Many years ago I naively asked an elderly Japanese sensei “what is the difference between debana men and degashira men”. I was told that “it depended on whether your opponent had a big nose or a big forehead”. Logical really, when you consider that debana refers to the forward movement of your opponents nose and degashira the same for the front of the head.
Whatever the terminology, debana men is the “holy grail” of kendo. It is the most desirable waza to display in high dan grading examinations and enbu. In my view, the reason why it is such a special technique is that it requires the ability to attack instantly, without conscious thought in the spirit of “mushin”.
To effectively achieve debana men, your preparation needs to be perfect. You must be in your own issoku ito ma, have a feeling of pressure between your kisaki and your opponent’s, have your left heel off the ground and a 60:40 distribution of weight between your left and right foot. As soon as your opponent starts his attack, you should push forward from your left foot and strike in the “timing of one“. Effectively, you are making the down stroke whilst your opponent is starting his upward raise.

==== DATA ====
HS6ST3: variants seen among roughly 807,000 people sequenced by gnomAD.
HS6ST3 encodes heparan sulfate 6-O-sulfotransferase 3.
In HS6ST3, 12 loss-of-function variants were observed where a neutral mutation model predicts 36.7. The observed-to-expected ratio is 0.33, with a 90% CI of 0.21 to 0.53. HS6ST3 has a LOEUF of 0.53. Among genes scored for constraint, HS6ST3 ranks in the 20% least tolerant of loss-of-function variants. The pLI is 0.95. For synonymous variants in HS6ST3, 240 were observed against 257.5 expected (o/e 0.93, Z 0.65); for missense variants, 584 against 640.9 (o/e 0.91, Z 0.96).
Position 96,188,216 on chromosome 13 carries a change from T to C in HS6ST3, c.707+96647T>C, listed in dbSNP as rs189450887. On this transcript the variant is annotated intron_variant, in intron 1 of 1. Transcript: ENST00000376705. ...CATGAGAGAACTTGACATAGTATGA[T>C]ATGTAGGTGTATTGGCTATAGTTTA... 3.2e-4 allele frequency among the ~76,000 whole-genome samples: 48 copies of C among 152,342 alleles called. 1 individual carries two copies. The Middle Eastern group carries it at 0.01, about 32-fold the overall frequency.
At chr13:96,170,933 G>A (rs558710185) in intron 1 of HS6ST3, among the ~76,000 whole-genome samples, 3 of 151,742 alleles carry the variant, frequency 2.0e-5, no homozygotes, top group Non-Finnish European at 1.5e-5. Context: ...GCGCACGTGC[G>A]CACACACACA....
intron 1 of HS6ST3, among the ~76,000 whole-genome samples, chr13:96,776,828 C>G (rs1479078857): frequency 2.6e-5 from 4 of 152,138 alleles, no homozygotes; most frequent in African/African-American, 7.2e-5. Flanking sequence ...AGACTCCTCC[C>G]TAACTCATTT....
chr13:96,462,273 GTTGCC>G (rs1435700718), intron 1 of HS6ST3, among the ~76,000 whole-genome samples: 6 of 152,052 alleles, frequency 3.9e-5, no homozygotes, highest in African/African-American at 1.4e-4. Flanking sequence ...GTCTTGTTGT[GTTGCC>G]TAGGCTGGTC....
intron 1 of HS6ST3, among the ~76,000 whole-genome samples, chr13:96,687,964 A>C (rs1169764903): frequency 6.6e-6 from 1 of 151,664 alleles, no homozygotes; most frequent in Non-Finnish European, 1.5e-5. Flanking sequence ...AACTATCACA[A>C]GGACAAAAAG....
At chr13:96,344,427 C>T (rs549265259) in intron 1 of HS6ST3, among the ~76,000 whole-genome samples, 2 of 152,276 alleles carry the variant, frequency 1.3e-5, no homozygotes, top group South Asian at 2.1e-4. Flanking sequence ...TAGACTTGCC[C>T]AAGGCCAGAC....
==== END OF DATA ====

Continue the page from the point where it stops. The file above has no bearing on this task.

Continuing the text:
This is clearly a technique that calls for repeated practice. One simple drill for this, is working with a partner, move into issoku ito mai. Both hold the strongest chudan that you can and build up a feeling of pressure. Ensure that your feet are in correct kendo position and that the left heel is up and the weight balance is as described. Motodachi should wait until the feeling of pressure between you is palpable and then quickly lean slightly forward whilst lifting the shinai to the right and moving the right foot forward by just a few centimetres. As soon as he does this kakarite should attack men instantly.
I include this drill in most kihon sessions and although it encourages small men strikes, it can be taught at most levels as long as big kihon men is practised in the same session for more junior kendoka. I believe that it is worth doing this on a regular, ongoing basis. It is worth sweating over to achieve the “wow! Did I do that” feeling when you make debana men is shiai or keiko.